• zbicyclist is way off base, has he/her ever delivered mail? Look into the facts, the “laborers” are the only ones who do real work. Check out how many managers per laborer and then how much salary those managers account for compared to people actually doing work (the laborers). As a laborer, I totally agree that the Postal Service is running inneficiently but know this ” we laborers are the only ones who truly care about the customers. Despite managements lack of customer service, we understand and appreciate the customers. There is only so much we can do with a top heavy management. Congress needs to ask the Postmaster why an unheard of amount of money was spent on machinery to sort the magazines, while at the same time they are crying about the drop in mail volume. This is only one blatant waste of money management has made and continues to make. I hope Congress does a payroll check and sees how many management positions contribute absolutely nothing to make revenues.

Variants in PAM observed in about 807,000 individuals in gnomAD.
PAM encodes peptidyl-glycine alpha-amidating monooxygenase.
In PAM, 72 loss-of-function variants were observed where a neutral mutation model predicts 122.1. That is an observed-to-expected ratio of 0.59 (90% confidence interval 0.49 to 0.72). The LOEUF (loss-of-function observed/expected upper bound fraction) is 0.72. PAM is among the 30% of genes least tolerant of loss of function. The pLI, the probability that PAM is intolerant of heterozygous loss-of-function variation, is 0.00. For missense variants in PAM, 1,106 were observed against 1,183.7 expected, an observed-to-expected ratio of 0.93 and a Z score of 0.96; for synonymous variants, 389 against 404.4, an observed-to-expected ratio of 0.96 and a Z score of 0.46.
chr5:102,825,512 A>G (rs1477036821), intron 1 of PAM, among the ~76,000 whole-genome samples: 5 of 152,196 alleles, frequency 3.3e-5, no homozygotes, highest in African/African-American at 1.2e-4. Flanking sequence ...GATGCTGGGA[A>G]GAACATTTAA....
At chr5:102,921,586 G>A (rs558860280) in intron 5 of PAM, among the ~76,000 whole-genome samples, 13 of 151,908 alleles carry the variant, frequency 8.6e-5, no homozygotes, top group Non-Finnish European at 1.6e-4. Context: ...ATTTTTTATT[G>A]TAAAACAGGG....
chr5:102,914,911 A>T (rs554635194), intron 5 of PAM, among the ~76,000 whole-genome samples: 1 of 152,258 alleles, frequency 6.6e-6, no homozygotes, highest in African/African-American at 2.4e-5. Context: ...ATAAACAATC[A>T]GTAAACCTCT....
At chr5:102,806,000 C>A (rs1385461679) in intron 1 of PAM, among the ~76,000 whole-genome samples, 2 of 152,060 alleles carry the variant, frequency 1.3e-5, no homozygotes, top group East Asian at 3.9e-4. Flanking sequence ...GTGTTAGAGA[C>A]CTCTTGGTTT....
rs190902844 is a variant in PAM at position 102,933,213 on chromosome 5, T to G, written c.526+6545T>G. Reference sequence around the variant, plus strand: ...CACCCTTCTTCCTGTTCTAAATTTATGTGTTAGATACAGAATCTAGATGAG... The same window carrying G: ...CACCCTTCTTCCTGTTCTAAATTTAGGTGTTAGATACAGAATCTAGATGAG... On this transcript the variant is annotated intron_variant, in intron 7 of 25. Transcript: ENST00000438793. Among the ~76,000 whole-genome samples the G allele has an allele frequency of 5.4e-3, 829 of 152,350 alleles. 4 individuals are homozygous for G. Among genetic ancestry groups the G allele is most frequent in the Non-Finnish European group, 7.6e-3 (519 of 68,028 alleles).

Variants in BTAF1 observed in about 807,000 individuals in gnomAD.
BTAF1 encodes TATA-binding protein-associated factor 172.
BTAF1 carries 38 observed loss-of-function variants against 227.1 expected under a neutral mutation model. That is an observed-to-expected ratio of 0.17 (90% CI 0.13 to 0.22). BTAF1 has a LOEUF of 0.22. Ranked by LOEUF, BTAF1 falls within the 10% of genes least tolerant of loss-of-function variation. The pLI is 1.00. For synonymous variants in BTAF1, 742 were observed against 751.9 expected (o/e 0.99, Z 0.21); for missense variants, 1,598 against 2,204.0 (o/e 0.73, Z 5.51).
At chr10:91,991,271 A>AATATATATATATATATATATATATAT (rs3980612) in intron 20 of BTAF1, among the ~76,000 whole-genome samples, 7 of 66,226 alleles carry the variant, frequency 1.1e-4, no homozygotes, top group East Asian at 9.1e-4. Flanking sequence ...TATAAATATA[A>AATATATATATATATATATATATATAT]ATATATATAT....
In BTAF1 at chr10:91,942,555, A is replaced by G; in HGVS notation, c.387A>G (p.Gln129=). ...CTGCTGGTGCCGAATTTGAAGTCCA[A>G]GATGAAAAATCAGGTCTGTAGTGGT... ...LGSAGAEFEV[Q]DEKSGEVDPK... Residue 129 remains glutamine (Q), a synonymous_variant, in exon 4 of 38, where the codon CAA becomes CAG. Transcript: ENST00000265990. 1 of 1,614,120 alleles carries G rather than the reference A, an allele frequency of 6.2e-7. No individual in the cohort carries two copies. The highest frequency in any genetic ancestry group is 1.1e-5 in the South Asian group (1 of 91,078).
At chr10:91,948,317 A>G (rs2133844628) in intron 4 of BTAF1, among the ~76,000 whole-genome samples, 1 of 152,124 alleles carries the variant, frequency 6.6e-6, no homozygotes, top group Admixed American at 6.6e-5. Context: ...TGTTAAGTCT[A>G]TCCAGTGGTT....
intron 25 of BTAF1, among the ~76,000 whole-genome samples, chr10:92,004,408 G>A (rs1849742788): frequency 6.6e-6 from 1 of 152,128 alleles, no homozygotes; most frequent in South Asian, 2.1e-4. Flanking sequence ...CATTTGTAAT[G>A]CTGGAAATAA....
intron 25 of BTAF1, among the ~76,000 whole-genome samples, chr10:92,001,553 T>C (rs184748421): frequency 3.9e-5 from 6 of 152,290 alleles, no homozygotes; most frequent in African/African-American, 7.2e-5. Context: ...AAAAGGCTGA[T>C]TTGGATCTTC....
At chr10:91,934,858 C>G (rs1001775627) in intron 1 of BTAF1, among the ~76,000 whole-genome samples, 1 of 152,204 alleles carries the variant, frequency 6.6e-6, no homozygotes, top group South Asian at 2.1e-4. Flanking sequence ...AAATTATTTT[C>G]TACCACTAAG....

• thetruth, you are reinforcing my comment by your statement “Check out how many managers per laborer and then how much salary these managers account for”. Labor inefficiency includes ALL labor costs.

  2. The French Postal Services have mixed mail delivery with financial services for more than a hundred years: there was a logic to this, when most of the customers were living in rural areas with little or no access to banks in the vicinity. It always irked me, when waiting in line for stamps or packages, a monopoly of the Post Office, to have to increase my waiting time because of customers of the bank side, not a monopoly! However, in the long run, I think the banking part has helped keep the French Postal Services afloat with enough of a quality service. Even though I still have to wait a wee more than I should. (The banking services of the Post Office are also more “social” towards low income citizens than the “true” banks.)

    • The French post office had (until 2011) a monopoly on mail delivery. Stamps have been available at tobacco shops for a long time.